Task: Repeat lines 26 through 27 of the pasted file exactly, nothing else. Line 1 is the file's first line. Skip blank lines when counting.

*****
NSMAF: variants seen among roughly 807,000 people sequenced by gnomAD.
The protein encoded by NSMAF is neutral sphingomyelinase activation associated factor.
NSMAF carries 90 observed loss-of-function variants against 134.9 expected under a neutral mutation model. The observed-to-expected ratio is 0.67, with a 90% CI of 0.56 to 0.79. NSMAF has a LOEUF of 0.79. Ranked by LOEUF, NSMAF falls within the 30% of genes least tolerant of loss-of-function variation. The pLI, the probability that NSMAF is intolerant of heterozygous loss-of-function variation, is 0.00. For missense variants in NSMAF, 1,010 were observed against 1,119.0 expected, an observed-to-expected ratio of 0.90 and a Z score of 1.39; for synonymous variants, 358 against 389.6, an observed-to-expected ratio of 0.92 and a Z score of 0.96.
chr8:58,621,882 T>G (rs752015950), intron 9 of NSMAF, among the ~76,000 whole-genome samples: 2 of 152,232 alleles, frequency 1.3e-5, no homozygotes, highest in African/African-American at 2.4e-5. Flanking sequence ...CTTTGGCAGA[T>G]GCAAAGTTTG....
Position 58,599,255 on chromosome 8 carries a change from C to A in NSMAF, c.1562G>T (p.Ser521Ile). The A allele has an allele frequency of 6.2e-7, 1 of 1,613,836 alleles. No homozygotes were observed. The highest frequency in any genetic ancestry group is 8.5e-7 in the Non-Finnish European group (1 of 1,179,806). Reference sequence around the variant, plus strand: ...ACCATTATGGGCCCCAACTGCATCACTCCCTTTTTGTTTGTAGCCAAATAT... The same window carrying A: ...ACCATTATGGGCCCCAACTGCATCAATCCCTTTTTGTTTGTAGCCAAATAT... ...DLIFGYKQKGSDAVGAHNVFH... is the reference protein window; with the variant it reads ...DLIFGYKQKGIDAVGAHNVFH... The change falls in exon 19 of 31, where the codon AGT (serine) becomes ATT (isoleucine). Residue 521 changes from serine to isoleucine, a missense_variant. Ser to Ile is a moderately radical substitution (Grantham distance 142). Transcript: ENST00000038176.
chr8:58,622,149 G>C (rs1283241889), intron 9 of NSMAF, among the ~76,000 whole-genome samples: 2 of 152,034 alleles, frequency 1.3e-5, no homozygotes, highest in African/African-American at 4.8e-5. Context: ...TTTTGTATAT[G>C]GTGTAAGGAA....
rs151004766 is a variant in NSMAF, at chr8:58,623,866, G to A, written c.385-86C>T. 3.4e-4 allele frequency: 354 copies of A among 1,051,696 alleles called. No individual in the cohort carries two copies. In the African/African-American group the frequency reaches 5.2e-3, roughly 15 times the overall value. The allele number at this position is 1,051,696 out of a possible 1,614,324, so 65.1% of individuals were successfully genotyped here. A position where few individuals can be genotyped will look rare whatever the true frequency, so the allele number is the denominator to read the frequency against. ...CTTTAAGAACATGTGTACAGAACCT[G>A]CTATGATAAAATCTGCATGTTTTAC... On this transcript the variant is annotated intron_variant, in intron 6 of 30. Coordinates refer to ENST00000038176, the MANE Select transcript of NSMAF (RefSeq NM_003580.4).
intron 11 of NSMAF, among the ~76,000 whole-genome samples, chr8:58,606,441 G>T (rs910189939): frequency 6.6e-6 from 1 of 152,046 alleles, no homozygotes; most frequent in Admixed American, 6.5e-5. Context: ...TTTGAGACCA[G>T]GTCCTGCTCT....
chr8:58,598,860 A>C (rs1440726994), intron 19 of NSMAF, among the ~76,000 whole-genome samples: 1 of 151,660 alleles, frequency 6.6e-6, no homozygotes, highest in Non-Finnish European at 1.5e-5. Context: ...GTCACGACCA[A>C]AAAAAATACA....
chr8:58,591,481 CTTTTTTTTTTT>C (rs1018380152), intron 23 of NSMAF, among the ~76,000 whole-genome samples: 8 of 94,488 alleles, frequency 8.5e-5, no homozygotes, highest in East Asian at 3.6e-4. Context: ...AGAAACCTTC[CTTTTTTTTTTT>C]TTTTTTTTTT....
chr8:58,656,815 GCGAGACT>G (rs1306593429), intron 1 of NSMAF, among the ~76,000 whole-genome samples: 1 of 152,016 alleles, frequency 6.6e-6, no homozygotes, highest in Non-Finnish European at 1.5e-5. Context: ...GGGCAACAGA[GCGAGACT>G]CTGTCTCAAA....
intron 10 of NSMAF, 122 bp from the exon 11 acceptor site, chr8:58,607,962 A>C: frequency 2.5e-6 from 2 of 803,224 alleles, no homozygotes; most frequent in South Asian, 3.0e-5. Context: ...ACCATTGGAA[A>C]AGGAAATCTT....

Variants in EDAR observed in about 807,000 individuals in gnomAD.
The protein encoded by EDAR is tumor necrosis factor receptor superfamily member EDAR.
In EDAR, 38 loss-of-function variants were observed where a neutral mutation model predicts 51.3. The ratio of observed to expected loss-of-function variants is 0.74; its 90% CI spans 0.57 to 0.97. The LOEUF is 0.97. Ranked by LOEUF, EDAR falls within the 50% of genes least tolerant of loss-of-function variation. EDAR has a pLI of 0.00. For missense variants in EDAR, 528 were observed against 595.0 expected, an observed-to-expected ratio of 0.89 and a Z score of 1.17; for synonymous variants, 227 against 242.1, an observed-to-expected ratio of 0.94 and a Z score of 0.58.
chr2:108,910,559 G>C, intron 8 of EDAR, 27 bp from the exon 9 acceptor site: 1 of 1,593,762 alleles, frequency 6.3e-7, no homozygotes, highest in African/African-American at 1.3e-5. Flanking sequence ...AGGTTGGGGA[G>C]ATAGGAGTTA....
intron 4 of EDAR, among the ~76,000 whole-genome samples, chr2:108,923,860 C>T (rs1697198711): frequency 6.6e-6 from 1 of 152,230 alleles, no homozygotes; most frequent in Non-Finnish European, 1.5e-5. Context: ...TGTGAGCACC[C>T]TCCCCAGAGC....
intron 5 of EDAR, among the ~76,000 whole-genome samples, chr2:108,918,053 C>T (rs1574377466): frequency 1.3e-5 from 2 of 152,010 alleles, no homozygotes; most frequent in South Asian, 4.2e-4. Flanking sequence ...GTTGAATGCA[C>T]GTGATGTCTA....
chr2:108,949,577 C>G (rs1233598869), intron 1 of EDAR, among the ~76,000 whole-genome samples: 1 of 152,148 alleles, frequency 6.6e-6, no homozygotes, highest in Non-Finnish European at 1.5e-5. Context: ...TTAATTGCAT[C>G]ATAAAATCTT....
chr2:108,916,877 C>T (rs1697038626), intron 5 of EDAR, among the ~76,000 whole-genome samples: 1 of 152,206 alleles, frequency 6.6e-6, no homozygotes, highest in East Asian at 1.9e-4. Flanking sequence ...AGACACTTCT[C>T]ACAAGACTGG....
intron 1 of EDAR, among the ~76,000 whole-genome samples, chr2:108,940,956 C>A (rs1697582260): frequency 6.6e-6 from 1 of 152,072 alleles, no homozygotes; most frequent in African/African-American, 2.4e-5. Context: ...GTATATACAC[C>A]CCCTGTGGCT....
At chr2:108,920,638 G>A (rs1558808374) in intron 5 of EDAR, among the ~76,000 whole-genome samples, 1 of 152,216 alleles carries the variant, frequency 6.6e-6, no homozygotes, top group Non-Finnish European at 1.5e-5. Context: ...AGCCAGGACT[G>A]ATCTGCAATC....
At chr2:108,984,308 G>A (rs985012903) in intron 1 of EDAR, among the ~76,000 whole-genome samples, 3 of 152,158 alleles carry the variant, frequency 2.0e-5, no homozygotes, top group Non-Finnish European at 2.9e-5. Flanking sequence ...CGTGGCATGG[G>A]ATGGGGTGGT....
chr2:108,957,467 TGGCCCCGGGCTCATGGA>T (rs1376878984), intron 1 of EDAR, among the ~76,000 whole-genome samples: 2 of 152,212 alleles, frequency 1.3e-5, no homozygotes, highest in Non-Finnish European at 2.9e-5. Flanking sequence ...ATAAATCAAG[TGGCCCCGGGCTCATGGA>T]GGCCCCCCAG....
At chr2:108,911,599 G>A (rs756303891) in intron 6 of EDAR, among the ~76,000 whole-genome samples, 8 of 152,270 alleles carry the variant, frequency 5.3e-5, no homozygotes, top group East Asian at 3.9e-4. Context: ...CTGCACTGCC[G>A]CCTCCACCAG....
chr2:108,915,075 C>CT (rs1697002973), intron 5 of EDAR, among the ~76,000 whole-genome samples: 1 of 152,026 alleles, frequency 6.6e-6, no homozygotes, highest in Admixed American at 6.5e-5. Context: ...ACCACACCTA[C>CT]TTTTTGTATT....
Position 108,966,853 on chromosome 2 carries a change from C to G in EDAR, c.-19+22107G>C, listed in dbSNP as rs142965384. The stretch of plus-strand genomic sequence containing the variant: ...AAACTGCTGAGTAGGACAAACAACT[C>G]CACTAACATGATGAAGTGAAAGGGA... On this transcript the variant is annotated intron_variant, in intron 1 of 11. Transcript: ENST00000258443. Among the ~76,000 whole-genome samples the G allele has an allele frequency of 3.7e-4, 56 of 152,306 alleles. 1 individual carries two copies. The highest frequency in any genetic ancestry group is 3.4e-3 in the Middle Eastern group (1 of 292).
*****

chr2:108,915,075 C>CT (rs1697002973), intron 5 of EDAR, among the ~76,000 whole-genome samples: 1 of 152,026 alleles, frequency 6.6e-6, no homozygotes, highest in Admixed American at 6.5e-5. Context: ...ACCACACCTA[C>CT]TTTTTGTATT....
Position 108,966,853 on chromosome 2 carries a change from C to G in EDAR, c.-19+22107G>C, listed in dbSNP as rs142965384. The stretch of plus-strand genomic sequence containing the variant: ...AAACTGCTGAGTAGGACAAACAACT[C>G]CACTAACATGATGAAGTGAAAGGGA... On this transcript the variant is annotated intron_variant, in intron 1 of 11. Transcript: ENST00000258443. Among the ~76,000 whole-genome samples the G allele has an allele frequency of 3.7e-4, 56 of 152,306 alleles. 1 individual carries two copies. The highest frequency in any genetic ancestry group is 3.4e-3 in the Middle Eastern group (1 of 292).